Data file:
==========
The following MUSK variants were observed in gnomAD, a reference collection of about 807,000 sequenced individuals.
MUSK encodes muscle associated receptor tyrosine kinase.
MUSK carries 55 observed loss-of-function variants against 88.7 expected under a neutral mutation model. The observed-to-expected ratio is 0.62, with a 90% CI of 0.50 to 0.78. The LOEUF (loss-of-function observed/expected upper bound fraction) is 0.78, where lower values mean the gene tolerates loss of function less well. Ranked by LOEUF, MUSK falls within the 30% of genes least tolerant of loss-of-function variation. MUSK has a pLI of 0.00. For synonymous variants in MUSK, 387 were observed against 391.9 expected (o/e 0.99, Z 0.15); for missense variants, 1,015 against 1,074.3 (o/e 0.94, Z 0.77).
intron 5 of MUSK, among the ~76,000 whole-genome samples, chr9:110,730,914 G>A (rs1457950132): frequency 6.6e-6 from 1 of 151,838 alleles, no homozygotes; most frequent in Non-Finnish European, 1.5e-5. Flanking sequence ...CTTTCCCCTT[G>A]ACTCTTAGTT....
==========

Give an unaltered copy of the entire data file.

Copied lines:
The following MUSK variants were observed in gnomAD, a reference collection of about 807,000 sequenced individuals.
MUSK encodes muscle associated receptor tyrosine kinase.
MUSK carries 55 observed loss-of-function variants against 88.7 expected under a neutral mutation model. The observed-to-expected ratio is 0.62, with a 90% CI of 0.50 to 0.78. The LOEUF (loss-of-function observed/expected upper bound fraction) is 0.78, where lower values mean the gene tolerates loss of function less well. Ranked by LOEUF, MUSK falls within the 30% of genes least tolerant of loss-of-function variation. MUSK has a pLI of 0.00. For synonymous variants in MUSK, 387 were observed against 391.9 expected (o/e 0.99, Z 0.15); for missense variants, 1,015 against 1,074.3 (o/e 0.94, Z 0.77).
intron 5 of MUSK, among the ~76,000 whole-genome samples, chr9:110,730,914 G>A (rs1457950132): frequency 6.6e-6 from 1 of 151,838 alleles, no homozygotes; most frequent in Non-Finnish European, 1.5e-5. Flanking sequence ...CTTTCCCCTT[G>A]ACTCTTAGTT....